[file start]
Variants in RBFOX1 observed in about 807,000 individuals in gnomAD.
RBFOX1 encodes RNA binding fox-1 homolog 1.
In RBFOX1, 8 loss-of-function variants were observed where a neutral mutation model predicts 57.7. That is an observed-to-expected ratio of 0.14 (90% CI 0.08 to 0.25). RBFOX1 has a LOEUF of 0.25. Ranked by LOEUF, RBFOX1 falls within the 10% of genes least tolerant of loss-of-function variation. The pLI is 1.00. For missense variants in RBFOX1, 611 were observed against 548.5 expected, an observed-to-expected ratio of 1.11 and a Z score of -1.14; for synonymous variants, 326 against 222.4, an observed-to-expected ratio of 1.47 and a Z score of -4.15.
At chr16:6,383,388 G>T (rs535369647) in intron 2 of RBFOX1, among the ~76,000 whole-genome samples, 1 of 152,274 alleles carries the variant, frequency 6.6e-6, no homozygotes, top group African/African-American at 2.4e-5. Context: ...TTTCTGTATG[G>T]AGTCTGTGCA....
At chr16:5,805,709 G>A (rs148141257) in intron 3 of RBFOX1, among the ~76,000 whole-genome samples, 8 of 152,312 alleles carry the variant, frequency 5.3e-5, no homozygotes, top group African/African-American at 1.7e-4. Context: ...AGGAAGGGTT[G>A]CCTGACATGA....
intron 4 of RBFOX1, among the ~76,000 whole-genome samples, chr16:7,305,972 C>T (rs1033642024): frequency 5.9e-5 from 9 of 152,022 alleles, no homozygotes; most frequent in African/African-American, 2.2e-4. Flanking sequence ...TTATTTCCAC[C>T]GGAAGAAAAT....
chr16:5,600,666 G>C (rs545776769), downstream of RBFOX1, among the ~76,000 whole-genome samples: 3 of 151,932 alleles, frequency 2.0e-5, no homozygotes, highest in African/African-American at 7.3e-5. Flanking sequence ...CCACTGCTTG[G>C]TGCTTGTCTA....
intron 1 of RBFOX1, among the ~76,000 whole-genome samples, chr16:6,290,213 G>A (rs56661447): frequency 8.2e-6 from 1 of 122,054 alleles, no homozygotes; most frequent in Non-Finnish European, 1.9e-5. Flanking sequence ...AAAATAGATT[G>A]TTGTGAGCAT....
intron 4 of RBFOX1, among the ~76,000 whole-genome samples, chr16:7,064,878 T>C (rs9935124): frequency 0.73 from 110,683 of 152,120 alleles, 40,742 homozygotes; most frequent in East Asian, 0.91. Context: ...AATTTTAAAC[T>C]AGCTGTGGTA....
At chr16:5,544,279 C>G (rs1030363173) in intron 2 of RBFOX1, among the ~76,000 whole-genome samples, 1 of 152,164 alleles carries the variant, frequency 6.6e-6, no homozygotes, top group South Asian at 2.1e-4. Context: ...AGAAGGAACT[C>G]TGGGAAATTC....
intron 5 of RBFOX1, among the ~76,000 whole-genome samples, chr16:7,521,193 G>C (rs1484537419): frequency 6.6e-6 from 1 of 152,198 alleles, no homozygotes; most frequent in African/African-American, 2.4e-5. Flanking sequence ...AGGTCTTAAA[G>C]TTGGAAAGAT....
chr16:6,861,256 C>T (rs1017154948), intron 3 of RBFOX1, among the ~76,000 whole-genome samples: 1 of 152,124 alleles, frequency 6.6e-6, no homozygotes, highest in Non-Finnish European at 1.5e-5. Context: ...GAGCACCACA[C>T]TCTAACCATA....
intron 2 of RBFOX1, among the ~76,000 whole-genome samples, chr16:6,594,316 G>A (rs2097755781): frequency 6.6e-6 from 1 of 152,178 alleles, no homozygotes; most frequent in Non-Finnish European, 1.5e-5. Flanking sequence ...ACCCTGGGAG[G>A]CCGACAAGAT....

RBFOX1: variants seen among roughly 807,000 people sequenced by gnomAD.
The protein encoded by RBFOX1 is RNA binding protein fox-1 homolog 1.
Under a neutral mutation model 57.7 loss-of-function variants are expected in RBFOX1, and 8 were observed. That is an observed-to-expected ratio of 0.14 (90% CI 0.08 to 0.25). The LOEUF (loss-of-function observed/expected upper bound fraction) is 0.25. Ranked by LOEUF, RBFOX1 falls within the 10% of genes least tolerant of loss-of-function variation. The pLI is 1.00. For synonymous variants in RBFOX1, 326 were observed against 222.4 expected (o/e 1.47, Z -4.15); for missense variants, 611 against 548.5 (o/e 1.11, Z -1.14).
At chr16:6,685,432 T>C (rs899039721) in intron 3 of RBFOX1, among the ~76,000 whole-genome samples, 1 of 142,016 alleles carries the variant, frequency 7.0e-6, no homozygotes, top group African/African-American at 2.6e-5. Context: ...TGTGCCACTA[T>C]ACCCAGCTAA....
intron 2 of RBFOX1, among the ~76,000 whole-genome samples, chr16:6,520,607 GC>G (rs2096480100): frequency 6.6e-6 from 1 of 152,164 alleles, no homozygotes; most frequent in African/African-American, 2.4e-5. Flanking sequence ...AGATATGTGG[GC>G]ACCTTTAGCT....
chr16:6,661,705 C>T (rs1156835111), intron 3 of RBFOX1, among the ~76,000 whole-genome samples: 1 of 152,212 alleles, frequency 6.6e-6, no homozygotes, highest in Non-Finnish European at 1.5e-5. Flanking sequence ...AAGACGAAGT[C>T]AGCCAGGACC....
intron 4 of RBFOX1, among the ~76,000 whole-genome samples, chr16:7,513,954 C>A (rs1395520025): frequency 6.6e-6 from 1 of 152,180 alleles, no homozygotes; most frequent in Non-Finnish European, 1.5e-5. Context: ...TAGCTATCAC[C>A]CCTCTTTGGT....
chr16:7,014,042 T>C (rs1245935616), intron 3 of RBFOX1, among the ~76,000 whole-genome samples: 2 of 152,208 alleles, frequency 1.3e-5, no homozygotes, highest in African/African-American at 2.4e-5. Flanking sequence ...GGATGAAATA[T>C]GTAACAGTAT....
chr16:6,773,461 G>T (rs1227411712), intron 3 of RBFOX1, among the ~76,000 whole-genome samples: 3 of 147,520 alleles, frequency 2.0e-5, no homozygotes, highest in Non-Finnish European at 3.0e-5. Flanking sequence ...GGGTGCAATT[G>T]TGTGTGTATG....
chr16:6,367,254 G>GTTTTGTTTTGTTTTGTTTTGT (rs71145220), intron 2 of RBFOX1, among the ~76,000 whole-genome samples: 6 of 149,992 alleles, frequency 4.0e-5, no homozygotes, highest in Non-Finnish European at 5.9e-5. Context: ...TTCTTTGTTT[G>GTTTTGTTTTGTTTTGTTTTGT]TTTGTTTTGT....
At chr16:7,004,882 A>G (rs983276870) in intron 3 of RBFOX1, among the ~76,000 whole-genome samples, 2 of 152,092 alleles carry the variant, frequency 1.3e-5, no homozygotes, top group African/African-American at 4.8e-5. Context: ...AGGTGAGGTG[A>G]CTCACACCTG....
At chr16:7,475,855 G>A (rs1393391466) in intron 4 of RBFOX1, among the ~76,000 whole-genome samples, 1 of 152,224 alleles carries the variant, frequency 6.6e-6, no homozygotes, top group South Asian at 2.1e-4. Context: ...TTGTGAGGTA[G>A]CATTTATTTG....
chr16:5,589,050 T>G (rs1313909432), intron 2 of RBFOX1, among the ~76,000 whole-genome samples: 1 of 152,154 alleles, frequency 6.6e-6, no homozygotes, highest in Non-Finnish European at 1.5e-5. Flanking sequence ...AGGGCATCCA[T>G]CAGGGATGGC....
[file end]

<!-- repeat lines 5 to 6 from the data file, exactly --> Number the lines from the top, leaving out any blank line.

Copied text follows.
At chr16:5,805,709 G>A (rs148141257) in intron 3 of RBFOX1, among the ~76,000 whole-genome samples, 8 of 152,312 alleles carry the variant, frequency 5.3e-5, no homozygotes, top group African/African-American at 1.7e-4. Context: ...AGGAAGGGTT[G>A]CCTGACATGA....
intron 4 of RBFOX1, among the ~76,000 whole-genome samples, chr16:7,305,972 C>T (rs1033642024): frequency 5.9e-5 from 9 of 152,022 alleles, no homozygotes; most frequent in African/African-American, 2.2e-4. Flanking sequence ...TTATTTCCAC[C>T]GGAAGAAAAT....